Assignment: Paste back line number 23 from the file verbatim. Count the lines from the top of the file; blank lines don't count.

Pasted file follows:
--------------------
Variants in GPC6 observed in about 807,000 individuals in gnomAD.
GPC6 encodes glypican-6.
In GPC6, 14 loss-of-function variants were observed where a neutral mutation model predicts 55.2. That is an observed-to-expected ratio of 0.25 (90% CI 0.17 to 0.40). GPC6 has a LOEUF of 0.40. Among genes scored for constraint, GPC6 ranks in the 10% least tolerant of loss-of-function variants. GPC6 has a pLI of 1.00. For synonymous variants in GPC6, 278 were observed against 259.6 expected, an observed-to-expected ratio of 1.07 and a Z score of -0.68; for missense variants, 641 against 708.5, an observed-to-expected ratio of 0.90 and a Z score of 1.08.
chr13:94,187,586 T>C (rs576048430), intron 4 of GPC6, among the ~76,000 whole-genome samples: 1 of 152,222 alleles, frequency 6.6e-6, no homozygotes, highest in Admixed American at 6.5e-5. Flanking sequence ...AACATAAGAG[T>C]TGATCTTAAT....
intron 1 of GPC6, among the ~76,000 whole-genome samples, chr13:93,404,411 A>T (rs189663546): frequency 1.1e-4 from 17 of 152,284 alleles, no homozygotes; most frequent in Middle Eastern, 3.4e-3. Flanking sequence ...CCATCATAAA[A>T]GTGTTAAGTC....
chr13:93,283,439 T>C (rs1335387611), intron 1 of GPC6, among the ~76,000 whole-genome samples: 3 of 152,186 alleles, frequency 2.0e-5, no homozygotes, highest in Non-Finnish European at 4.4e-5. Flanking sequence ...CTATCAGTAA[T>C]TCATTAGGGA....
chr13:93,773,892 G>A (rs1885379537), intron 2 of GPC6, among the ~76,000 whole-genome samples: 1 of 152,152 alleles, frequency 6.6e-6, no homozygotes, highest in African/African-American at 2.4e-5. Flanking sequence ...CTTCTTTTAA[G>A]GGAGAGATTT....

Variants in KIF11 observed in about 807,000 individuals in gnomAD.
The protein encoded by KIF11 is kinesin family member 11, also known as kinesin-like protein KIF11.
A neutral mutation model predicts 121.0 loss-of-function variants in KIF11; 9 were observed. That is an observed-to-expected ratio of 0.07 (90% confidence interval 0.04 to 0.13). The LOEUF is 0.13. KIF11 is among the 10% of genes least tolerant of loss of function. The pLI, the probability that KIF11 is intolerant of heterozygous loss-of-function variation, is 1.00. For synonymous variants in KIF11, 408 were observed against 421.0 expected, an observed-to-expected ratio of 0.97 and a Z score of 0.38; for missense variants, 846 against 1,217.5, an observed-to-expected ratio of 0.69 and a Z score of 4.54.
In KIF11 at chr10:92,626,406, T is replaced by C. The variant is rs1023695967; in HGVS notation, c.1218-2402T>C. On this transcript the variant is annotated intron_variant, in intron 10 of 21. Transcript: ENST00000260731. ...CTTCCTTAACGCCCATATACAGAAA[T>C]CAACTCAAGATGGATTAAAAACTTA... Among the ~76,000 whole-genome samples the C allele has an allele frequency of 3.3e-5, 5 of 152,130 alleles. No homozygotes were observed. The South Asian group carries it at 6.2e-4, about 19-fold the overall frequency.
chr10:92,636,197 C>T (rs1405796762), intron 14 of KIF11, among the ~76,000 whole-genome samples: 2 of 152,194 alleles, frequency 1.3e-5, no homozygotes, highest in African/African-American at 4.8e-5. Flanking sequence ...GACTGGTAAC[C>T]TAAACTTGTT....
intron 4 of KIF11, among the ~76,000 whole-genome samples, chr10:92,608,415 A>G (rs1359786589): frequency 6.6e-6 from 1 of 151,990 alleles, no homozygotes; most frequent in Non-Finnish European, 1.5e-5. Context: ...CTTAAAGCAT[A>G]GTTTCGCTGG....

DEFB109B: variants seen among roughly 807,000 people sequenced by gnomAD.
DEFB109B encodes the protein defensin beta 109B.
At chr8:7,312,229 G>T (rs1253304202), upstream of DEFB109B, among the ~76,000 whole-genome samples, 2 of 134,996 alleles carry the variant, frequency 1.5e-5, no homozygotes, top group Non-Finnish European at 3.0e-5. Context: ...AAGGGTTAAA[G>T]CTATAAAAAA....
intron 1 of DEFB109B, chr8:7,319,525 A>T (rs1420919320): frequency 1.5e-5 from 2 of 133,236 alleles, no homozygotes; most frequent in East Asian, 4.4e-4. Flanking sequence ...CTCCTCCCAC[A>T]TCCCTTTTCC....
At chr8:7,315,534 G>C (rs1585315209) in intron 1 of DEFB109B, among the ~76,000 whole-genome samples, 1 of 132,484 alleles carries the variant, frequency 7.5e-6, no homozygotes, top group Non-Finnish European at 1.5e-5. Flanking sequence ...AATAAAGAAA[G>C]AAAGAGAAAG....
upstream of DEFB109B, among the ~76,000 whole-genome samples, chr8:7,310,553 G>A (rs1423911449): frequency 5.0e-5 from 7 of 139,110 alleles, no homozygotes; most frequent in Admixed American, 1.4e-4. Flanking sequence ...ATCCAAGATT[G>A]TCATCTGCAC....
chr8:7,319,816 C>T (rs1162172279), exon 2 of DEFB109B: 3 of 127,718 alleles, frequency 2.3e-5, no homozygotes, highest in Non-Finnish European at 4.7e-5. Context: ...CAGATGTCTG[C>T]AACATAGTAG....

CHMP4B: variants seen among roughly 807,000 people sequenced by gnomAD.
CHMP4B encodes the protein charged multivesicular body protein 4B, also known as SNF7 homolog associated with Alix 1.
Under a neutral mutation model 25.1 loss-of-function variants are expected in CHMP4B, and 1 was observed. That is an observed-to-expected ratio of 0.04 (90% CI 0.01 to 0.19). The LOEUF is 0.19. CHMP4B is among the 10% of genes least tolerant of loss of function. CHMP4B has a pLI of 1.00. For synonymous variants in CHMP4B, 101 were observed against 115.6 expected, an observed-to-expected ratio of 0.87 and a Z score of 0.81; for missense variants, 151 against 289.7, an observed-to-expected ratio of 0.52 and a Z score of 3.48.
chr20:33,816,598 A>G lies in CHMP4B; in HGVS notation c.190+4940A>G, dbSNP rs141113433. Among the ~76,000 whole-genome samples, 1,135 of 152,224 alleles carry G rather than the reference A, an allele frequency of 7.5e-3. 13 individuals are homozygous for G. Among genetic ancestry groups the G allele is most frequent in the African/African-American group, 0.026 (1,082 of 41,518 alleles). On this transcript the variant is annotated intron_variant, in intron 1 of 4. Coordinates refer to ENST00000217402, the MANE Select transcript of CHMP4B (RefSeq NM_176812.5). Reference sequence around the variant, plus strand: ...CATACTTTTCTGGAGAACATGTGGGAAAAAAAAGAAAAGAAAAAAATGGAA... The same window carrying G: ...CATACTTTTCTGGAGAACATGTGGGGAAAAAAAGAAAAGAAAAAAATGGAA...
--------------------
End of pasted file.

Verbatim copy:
Under a neutral mutation model 25.1 loss-of-function variants are expected in CHMP4B, and 1 was observed. That is an observed-to-expected ratio of 0.04 (90% CI 0.01 to 0.19). The LOEUF is 0.19. CHMP4B is among the 10% of genes least tolerant of loss of function. CHMP4B has a pLI of 1.00. For synonymous variants in CHMP4B, 101 were observed against 115.6 expected, an observed-to-expected ratio of 0.87 and a Z score of 0.81; for missense variants, 151 against 289.7, an observed-to-expected ratio of 0.52 and a Z score of 3.48.